* plants (lillies in cats)
- heavy meatals
- pesticides/ herbicides
- snake venom
- myoglobin/ haemoglobin
- calciferol rodenticides

26

Which therapeutic agents can cause renal injury?

- ANTIMICROBIALS: aminoglycosides, TCs, amphotericin B
- CHEMOTHERAPEUTICS: doxorubicin (cats), cisplatin and carboplatin, methotrexate
- NSAIDs
- ACEIs
- IV CONTRAST AGENTS
- MANY MORE

27

Causes - ischaemic ARF/AKI

- reduced intravascular volume
- hypotension
- decreased effective intravascular volume (HF, cirrhosis)
- sepsis
- drugs (cyclosporine, NSAIDs, ACEI)
- vascular dz (thrombosis, vasculitis)

28

Why are PCT cells prone to ischaemic injury?

v high metabolic rate making them particularly vulnerable --> mitochondrial injury, cell swelling and tubular obstruction

29

T/F: a patient initially presenting with pre-renal azotaemia may progress to intrinsic renal azotaemia d/t ischaemia if hypoperfusion of kidneys not quickly rectified.

True

30

Causes - hospital acquired AKI

- advanced age
- fever
- dehydration
- cardiac dz
- pre-existing renal dz
- anaesthesia/sx
- nephrotoxic drugs

31

Pathogenesis - hospital acquired AKI

- decreased glomerular ultrafiltration coefficient
- intra-tubular obstruction
- back-leak fluid across disrupted epithelium
- intra-renal vasoconstriction

32

Management principles - AKI/ARF

- tx inciting cause
- improve renal haemodynamics (mild volume expansion)
- maintain homeostasis (K, acid-base)
- supportive care (nutrition, control V)
- allow renal repair time to occur

33

Other causes ARF/AKI

- Lyme disease (B. burgdorferi) --> acute glomerular dz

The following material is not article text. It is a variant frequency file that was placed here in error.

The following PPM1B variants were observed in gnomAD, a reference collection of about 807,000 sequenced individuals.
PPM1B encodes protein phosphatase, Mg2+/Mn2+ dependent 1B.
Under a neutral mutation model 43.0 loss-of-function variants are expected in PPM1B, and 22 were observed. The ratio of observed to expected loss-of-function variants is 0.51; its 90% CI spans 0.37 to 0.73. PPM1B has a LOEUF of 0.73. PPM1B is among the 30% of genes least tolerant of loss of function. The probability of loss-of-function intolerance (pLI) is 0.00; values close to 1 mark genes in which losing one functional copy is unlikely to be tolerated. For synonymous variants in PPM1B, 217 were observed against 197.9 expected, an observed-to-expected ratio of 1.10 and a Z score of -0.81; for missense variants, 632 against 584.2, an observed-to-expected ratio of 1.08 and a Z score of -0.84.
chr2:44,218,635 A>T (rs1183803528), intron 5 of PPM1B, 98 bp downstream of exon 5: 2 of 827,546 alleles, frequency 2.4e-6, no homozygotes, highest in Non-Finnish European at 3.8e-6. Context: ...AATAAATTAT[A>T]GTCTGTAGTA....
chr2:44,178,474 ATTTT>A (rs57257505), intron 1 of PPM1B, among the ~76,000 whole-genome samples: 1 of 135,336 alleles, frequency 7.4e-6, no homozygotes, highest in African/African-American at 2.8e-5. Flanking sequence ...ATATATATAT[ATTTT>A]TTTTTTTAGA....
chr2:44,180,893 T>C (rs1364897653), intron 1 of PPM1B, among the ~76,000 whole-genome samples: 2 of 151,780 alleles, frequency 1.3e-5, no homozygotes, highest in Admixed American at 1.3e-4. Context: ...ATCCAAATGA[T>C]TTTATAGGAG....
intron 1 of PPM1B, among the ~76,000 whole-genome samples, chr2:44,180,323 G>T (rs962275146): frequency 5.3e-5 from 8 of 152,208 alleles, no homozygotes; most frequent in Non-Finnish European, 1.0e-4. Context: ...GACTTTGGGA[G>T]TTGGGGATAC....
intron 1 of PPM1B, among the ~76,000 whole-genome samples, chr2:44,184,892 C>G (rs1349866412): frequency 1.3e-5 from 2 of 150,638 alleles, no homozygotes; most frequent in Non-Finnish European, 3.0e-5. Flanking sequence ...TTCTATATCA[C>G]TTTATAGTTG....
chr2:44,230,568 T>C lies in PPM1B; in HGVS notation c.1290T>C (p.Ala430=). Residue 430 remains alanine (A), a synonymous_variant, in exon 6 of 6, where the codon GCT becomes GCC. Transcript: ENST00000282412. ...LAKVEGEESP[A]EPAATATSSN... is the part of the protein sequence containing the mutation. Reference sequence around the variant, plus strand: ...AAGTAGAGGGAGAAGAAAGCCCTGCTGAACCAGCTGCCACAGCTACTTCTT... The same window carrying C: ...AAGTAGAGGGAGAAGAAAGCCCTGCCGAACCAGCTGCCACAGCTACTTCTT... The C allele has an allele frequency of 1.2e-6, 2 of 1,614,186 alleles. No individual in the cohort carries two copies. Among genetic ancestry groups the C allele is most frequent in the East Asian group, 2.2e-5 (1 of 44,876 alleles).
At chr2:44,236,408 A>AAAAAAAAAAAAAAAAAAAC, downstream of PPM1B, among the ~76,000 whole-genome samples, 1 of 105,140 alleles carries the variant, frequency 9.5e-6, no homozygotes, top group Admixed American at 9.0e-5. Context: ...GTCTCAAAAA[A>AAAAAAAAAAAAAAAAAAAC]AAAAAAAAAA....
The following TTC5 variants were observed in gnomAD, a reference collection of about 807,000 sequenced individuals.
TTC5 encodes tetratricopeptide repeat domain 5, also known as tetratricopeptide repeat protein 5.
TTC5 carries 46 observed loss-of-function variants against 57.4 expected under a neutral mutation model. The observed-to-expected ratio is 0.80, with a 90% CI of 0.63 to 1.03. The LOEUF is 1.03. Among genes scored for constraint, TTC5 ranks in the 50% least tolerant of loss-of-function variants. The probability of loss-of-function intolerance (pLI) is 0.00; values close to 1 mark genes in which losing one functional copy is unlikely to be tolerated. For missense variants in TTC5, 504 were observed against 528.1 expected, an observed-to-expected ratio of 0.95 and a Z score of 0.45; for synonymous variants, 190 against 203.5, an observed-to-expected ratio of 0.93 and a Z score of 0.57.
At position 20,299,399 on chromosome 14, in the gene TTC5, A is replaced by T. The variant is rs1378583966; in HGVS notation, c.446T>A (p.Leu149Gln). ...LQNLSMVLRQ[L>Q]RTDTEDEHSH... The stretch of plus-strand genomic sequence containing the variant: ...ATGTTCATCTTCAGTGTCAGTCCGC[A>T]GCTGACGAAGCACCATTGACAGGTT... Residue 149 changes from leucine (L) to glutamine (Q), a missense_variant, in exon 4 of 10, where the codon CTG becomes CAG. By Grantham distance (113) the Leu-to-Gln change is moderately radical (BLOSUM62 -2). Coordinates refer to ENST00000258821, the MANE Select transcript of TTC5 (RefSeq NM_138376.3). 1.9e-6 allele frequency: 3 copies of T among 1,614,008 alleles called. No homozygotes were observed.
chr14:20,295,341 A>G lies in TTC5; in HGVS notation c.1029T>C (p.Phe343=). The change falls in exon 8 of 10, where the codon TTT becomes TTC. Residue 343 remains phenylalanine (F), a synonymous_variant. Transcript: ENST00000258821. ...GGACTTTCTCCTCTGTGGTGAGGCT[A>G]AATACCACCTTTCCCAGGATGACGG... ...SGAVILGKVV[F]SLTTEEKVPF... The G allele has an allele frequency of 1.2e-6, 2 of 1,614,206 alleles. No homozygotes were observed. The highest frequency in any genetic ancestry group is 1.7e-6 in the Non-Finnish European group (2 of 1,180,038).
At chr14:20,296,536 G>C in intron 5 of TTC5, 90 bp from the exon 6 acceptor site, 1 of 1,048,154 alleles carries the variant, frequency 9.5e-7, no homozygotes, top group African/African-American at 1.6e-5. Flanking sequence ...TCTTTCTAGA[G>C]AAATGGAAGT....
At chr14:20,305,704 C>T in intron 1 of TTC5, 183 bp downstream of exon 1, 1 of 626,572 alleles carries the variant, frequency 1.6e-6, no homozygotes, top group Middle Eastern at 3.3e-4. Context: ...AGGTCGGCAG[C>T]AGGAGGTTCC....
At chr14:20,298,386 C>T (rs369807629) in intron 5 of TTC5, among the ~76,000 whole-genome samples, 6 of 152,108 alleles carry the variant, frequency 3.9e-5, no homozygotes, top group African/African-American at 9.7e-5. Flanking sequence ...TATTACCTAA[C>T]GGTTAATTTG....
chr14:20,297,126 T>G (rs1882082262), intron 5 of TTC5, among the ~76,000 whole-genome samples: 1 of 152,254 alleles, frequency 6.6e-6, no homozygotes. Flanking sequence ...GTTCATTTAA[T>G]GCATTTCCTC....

- Renal lymphoa
- cutaneous and renal vascular glomerulopathy ('New Forest Syndrome in UK, 'Alabama rot' in USA): caused by a thrombotic microangiopathy

34

Which animals are at particular risk of ARF?

- pre-exisiting CKD
- dehydration/ hypovolaemia/ hypotension
- sepsis/ fever / hyperthermia
- systemic dz/ multiple organ failure
- prolonged anaesthesia
- drugs (NSAIDs, aminoglycosides, cisplatin, amphotericin, ACEI)

35

What is the most consistent renal protective effect?

correction of fluid deficits and mild ECF volume expansion

36

Antidote - EG

4-methylpyrazole (but prohibitively expensive in UK)

37

How much should you aim to expand ECF volume?

mild (3-5%) increase. REquires v vareful monitoring including serial measurements of body weight, urine output, CVP, PCV/TP and repeated PE

38

Name 2 drugs that increase urine output

- MANNITOL: if early in ARF course if not hypovolaemic, already overhydrated or in CHF. Thus rarely used.
- FUROSEMIDE: to promote urine formation, manage overhydration and hyperkalaemia. Improper monitoring --> pre-renal insult on established renal injury

39

Outline use of Dopamine in ARF

- catecholamine suggested to cause renal vasodilation and improved BF at low dose
- CONTROVERSIAL: should only be used if required to maintain BP
- high dose --> vasoconstriction, tachycardia and arrhythmias
- NOT in cats
- acts on both DA-1 and DA-2 receptors
- Fenoldopam is a selective DA-1-R agonist sometimes used preferentially
- diltiazam suggested as alternative

40

Outline diltiazem as alternative to dopamine in ARF

- causes pre-glomerular arteriolar dilation and improves renal BF
- reduced Ca influx into damaged tubular cells may also be beneficial

41

Can you tx ARF directly?

- No
- maintain the animal while the kidneys repair
- usually not possible to keep patient alive for weeks-months if extensive tubular injury has occurred for their repair

42

Describe enzymuria

- measure enzymes in urine
- early indicator of AKI (before azotaemia)
- e.g. NAG, yGT, N-Gal
- monitor when tx with nephrotoxic drugs

43

Parameters to measure fluid balance with AKI patients

- 'ins and outs'
- CVP
- serial body weight
- serial PE
- serial PCV/TP
- OTHERS (electrolytes, ECG, renal function q48-72h)

44

2 methods of increasing urine output pharmacologically

- DIURETICS: furosemide, mannitol
- VASOACTIVE AGENTS: dopamine, fenoldopam, diltiazem